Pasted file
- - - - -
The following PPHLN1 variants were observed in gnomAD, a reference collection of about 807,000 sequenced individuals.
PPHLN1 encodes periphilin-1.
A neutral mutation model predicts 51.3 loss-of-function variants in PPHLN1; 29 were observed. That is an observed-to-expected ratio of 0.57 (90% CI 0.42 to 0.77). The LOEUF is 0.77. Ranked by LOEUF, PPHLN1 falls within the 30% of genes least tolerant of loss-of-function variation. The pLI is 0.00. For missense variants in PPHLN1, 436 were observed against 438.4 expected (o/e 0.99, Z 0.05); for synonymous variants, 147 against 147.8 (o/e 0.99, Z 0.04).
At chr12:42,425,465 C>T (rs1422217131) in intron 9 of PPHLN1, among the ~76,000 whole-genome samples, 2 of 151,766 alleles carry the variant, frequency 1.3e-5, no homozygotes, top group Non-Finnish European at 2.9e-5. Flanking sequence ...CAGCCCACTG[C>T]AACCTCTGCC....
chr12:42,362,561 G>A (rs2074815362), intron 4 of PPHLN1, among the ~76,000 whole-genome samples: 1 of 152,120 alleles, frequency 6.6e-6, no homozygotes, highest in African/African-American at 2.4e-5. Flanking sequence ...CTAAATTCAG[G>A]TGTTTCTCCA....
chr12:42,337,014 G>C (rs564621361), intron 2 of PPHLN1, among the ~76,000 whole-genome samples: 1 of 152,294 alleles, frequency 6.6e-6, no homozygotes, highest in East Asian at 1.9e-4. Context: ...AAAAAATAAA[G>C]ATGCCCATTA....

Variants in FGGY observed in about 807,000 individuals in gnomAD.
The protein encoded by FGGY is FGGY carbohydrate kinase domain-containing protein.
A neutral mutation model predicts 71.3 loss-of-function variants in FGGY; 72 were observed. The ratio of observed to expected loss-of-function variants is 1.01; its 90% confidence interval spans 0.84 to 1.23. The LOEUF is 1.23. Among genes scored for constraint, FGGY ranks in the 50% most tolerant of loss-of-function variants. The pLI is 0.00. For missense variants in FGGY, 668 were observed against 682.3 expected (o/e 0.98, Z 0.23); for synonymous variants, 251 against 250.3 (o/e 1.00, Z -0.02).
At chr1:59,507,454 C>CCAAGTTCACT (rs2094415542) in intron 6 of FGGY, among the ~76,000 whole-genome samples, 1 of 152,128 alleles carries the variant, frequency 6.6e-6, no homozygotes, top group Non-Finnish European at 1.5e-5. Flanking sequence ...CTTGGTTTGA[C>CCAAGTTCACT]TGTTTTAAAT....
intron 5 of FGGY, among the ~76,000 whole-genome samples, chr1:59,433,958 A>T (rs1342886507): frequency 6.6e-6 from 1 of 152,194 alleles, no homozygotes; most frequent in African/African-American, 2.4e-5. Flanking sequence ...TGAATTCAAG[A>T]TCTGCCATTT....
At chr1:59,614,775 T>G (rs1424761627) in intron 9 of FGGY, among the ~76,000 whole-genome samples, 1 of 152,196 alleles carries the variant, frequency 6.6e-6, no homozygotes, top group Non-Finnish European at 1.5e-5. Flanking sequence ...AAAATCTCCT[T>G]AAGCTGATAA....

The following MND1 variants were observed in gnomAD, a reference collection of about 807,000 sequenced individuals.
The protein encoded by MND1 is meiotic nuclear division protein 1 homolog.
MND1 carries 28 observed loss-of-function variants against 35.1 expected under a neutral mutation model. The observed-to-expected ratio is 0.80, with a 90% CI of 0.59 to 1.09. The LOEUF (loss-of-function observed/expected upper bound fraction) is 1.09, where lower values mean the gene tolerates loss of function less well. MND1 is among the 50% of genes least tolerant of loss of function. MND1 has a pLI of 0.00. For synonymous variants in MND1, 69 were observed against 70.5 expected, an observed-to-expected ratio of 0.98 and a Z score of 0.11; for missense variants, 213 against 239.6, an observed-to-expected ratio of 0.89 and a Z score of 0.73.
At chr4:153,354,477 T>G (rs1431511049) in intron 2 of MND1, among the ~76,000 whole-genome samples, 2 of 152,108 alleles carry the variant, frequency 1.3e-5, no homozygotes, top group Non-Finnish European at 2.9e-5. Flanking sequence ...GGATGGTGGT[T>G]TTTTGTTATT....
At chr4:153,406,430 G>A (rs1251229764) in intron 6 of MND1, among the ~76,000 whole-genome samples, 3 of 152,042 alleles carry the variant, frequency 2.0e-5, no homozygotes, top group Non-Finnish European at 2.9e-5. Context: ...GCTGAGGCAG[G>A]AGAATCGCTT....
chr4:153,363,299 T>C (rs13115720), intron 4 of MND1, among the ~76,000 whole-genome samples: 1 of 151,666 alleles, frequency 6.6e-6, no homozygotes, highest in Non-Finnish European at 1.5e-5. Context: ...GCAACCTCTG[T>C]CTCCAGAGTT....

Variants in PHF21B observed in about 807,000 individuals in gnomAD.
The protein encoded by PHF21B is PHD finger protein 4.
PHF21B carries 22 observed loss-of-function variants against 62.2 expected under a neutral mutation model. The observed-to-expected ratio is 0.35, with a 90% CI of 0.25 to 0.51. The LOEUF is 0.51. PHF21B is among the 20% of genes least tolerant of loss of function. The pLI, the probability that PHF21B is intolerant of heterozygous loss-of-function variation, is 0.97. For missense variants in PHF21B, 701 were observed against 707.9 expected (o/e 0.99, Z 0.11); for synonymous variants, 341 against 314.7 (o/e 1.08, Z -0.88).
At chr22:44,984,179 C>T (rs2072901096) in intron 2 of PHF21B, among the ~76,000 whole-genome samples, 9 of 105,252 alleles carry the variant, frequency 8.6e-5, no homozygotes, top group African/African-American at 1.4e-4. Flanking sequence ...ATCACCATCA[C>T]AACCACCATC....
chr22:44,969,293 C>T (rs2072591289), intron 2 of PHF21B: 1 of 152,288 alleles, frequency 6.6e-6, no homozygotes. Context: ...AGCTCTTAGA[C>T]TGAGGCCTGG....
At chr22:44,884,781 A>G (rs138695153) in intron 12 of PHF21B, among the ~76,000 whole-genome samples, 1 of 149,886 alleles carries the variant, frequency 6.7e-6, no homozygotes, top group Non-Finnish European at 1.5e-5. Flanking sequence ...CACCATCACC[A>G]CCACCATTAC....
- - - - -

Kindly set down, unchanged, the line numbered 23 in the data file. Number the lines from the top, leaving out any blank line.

chr22:44,969,293 C>T (rs2072591289), intron 2 of PHF21B: 1 of 152,288 alleles, frequency 6.6e-6, no homozygotes. Context: ...AGCTCTTAGA[C>T]TGAGGCCTGG....